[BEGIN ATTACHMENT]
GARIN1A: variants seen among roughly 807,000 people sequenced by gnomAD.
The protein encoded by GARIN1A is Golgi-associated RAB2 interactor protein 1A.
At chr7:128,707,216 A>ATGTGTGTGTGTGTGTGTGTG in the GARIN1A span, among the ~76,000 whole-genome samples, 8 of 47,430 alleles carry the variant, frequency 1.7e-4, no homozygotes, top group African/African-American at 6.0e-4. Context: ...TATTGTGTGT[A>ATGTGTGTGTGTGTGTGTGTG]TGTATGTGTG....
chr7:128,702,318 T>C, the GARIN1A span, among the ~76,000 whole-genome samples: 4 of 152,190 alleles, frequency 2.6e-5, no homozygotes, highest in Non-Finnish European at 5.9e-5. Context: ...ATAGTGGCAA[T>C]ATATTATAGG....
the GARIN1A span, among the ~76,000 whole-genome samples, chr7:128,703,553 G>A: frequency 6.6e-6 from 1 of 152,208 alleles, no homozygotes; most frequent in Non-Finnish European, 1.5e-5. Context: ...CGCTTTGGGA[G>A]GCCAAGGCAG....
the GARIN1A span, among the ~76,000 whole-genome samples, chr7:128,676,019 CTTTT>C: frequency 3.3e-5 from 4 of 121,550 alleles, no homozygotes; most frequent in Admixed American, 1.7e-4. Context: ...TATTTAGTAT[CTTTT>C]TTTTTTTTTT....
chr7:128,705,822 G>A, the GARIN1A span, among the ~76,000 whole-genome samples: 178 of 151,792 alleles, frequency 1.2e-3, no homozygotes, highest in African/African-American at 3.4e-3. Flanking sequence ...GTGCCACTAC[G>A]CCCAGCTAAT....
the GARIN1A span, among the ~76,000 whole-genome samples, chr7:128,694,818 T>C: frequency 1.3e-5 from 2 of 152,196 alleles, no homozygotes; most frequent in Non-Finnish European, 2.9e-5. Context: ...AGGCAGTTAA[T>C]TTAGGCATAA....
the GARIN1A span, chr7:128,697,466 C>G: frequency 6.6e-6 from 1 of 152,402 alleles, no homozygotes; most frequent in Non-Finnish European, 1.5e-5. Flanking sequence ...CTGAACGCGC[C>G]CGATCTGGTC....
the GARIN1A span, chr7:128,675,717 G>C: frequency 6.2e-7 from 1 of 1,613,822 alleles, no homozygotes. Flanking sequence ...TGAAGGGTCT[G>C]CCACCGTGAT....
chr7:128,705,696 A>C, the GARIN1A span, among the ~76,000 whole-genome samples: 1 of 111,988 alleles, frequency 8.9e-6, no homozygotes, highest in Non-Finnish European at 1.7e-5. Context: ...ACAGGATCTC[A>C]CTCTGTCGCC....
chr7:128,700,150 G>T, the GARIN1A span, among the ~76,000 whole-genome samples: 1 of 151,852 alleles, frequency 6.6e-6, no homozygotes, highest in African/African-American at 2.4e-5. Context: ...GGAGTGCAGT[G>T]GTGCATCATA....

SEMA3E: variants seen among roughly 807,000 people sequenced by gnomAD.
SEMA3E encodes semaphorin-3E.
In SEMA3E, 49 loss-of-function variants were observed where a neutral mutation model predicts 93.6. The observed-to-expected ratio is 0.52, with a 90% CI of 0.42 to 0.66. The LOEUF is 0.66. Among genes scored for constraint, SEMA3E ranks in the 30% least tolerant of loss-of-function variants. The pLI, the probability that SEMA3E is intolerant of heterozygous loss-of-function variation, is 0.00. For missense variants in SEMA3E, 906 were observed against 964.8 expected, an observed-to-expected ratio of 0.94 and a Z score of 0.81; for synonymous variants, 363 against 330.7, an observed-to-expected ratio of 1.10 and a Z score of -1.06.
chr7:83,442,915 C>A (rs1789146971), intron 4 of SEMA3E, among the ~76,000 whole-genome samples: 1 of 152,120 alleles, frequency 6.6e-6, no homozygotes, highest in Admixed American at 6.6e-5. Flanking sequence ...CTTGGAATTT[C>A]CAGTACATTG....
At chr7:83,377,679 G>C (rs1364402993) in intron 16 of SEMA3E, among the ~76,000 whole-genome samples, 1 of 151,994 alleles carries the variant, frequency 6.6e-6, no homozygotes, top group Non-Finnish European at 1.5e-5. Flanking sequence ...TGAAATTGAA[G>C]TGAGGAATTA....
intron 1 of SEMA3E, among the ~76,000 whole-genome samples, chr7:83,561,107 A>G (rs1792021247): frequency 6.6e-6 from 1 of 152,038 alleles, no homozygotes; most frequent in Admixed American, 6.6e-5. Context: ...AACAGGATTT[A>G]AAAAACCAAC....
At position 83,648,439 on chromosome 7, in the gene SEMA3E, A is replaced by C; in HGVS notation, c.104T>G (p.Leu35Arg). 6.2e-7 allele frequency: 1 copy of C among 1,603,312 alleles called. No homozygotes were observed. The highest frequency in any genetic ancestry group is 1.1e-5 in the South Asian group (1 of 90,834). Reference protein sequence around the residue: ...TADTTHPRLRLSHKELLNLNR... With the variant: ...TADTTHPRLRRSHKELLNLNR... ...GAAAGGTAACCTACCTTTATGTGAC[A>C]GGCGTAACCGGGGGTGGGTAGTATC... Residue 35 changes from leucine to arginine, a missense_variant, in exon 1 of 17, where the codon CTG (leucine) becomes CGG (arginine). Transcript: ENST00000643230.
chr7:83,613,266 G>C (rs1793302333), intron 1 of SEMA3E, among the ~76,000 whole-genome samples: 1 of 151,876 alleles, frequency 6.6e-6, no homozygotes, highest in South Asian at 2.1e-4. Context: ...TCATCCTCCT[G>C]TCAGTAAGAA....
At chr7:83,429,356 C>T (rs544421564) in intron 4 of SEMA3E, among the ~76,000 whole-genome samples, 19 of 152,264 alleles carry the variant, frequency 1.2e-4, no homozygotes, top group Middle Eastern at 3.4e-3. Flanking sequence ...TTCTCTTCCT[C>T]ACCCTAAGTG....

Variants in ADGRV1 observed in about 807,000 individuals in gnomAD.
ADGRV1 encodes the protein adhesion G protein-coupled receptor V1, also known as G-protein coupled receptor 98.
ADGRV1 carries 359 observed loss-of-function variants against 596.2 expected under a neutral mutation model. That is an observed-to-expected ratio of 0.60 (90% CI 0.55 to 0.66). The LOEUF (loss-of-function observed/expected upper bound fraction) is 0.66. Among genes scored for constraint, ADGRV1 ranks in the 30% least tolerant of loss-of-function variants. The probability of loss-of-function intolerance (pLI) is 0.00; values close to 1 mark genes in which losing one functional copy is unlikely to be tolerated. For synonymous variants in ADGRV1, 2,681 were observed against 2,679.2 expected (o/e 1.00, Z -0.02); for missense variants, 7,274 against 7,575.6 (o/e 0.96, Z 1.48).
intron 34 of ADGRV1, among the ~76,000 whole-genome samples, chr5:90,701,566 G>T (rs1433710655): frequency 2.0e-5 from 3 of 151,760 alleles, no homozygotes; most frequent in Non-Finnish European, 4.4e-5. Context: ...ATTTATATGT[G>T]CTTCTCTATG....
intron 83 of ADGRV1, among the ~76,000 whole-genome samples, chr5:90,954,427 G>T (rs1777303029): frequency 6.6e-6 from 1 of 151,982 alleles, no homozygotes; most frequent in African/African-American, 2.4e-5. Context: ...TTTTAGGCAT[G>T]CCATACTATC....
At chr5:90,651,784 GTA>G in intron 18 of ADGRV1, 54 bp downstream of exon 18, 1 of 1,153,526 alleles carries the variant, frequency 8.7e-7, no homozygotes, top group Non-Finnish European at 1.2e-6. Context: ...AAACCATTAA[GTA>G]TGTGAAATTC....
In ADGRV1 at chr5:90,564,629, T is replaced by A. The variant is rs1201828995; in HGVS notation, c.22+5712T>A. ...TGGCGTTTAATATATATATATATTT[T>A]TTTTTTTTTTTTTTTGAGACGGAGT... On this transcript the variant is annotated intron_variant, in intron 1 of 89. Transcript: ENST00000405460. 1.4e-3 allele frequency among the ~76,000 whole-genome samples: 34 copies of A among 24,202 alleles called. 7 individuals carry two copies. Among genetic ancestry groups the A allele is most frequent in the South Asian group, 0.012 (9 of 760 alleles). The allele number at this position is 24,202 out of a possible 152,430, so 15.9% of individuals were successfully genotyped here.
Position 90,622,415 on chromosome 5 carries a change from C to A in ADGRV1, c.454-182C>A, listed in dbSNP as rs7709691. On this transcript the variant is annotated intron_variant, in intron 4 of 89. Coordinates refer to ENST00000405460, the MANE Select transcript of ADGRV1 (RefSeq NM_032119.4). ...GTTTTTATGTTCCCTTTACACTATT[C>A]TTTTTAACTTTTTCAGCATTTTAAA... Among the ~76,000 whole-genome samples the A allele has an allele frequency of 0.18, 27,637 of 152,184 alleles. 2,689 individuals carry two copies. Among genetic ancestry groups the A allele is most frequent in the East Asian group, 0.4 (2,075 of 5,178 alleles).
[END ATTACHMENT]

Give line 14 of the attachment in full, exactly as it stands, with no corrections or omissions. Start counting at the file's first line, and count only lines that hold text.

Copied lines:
SEMA3E encodes semaphorin-3E.